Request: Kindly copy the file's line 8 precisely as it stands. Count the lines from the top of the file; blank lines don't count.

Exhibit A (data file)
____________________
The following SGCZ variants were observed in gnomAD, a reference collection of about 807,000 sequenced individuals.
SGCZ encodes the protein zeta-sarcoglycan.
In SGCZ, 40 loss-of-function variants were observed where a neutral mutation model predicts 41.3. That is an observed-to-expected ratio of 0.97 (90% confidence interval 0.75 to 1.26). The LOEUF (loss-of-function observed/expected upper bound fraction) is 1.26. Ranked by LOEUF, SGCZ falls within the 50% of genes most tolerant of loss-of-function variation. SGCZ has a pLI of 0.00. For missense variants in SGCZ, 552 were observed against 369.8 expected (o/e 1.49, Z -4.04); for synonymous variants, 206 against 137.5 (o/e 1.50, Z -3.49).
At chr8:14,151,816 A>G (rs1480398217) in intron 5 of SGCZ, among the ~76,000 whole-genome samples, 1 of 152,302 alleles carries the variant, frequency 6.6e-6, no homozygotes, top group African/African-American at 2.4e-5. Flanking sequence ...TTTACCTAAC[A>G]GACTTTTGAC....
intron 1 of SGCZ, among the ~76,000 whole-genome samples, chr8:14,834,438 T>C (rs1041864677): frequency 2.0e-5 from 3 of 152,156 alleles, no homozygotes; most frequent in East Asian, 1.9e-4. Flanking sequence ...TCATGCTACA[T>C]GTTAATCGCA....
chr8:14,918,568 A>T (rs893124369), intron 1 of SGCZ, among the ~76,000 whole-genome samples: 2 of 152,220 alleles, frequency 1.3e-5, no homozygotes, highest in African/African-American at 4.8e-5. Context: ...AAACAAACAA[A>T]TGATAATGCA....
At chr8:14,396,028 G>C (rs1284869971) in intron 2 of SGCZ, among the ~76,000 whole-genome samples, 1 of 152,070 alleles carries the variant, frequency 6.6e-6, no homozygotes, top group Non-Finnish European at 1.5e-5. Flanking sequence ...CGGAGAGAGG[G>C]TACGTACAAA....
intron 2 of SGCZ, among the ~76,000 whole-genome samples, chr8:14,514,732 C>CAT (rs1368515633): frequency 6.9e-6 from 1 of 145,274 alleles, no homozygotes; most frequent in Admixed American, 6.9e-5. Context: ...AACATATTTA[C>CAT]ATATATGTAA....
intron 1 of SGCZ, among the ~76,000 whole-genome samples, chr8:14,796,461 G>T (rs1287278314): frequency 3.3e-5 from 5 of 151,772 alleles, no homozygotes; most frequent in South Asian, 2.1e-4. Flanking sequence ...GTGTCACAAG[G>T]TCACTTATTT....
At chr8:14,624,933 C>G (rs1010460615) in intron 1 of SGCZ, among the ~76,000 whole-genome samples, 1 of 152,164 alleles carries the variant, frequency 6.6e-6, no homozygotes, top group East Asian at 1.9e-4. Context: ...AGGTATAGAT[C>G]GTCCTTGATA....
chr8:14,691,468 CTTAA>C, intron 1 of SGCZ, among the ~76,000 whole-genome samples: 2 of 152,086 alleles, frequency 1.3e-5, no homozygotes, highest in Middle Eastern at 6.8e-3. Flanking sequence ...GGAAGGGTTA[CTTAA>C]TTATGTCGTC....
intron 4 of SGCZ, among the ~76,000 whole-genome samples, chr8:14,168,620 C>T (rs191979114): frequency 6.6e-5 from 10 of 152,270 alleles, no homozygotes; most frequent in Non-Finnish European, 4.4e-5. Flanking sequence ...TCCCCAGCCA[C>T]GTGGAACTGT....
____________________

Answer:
intron 2 of SGCZ, among the ~76,000 whole-genome samples, chr8:14,514,732 C>CAT (rs1368515633): frequency 6.9e-6 from 1 of 145,274 alleles, no homozygotes; most frequent in Admixed American, 6.9e-5. Context: ...AACATATTTA[C>CAT]ATATATGTAA....